Thank you all for having us.
I will start by giving you a brief description of the situation on the ground, and then Dr. Al-Kassem will talk about some testimonies from the ground.
To give you a geographic description of the area, Ghouta is a suburb of Damascus. It's about 30 kilometres in diameter, with a population of almost 400,000. Eastern Ghouta has been under siege for the last four and a half years, with about 13,000 civilians killed since the uprising started in Syria. The death toll has increased sharply in the last 10 days, since the chemical attacks on Ghouta. In the last 10 days, we have seen about 600 people killed. Today, as we speak, I got the message that about 20 people have been killed up until now.
We have about 2,300 people injured. The weapons that have been used on those people range from shelling with missiles to some prohibited weapons like napalm, and chemical weapons were used once a couple of days ago.
From a medical perspective, since February 19, there have been about 33 attacks on 30 medical facilities. I provided earlier a couple of pages of documents with the names of the facilities that have been hit. Some of those facilities have been hit twice. We have had about 33 attacks on those facilities. We have at least six medical workers who have been killed in those attacks, and about 15 others injured.
To give you another description of the medical situation on the ground, we have only 110 doctors left. Among those are 40 medical students. Some of them are doctors, dentists, or nurses performing surgeries on people. We have only one neurosurgeon left, and only two vascular surgeons in the region. Again, as a reminder, they are serving about 400,000 people.
For the last 14 months at least, no medical supplies have entered Ghouta at all. We currently have about 1,200 cancer patients who have no medications, and there is no way of treating those patients.
I want to bring to your attention one important fact about the situation and how the civilians have been hit in this area. If you look at the tables I provided earlier, you'll see that the first table is from the Syrian interim government. It shows the deaths divided by gender and by age. For gender, we can see that the number of deaths for women and kids combined is about 270. It's almost equal to the number for men. If the government forces claim that they are hitting militants on the ground, there is no reason to see so many kids and women being killed. It has been consistent that the regime's way of dealing with the situation is capital punishment, punishing families and hitting civilians in their homes.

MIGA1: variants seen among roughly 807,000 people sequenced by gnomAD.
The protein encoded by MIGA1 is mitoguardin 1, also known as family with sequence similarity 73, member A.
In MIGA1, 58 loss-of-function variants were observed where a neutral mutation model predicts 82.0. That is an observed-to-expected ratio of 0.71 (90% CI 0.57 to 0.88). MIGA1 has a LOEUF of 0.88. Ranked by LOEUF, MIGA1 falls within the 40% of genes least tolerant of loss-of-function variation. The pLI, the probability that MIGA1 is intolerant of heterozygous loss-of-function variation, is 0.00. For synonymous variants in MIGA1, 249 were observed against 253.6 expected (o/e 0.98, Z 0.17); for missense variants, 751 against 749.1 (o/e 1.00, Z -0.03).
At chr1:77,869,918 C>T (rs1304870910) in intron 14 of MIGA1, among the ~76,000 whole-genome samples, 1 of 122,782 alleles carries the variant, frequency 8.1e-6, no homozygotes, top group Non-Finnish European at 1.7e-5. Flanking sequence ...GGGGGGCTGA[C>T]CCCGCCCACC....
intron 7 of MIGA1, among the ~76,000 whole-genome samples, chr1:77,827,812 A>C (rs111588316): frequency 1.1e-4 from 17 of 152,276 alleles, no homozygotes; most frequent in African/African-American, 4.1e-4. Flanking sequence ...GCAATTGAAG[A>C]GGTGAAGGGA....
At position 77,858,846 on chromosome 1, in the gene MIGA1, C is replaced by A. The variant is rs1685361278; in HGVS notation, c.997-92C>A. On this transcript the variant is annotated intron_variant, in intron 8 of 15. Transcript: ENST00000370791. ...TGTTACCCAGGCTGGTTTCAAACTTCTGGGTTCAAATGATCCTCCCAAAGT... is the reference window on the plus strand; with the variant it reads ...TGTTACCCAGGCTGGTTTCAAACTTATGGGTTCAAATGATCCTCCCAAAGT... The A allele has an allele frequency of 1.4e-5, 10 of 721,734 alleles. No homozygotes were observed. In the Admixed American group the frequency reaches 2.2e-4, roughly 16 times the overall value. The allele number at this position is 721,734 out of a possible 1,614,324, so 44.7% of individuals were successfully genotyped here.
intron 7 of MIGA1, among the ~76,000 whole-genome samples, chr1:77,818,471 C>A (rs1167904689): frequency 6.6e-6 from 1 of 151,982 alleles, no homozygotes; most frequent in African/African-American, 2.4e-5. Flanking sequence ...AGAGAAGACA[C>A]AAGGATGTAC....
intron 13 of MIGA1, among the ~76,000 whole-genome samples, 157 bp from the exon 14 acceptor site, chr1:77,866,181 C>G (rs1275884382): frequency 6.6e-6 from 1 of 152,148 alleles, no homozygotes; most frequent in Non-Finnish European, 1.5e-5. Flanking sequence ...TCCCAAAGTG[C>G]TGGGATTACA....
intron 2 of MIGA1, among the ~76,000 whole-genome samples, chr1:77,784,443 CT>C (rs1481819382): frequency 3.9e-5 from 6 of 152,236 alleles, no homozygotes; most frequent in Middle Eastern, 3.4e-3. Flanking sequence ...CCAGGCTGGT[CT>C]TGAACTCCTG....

With the amount of shelling that has happened in the last 10 days, we should see a higher number of deaths. However, it has been a little less because of people taking shelter underground, basically in dungeons or basements, trying to hide from the shelling. With people hiding in those areas, there are inhumane conditions, high humidity and insufficient air ventilation. They have been suffering and having a hard time getting food and water into those areas.
I have talked to many people on the ground there. What they need is for this shelling or bombing of their homes to stop and for access to open for humanitarian aid to start accessing the area.
I want to conclude with one statement. What is unique about the situation in Syria, Ghouta specifically, is that we're witnessing a live genocide. It is happening live, with video images, with testimonies. The whole world is watching and not able to do anything. What is also unique about this genocide is that it is not an ethnic genocide; it is more of an ideological genocide. People have been punished and killed because they oppose the government and they are not really listening to it.
Again, we call for protection. There are no foreign fighters there. I know for a fact, from talking to medical staff on the ground, that it is more local people on the ground there.
I will now give the mike to Dr. Al-Kassem to get some personal testimonies from people on the record.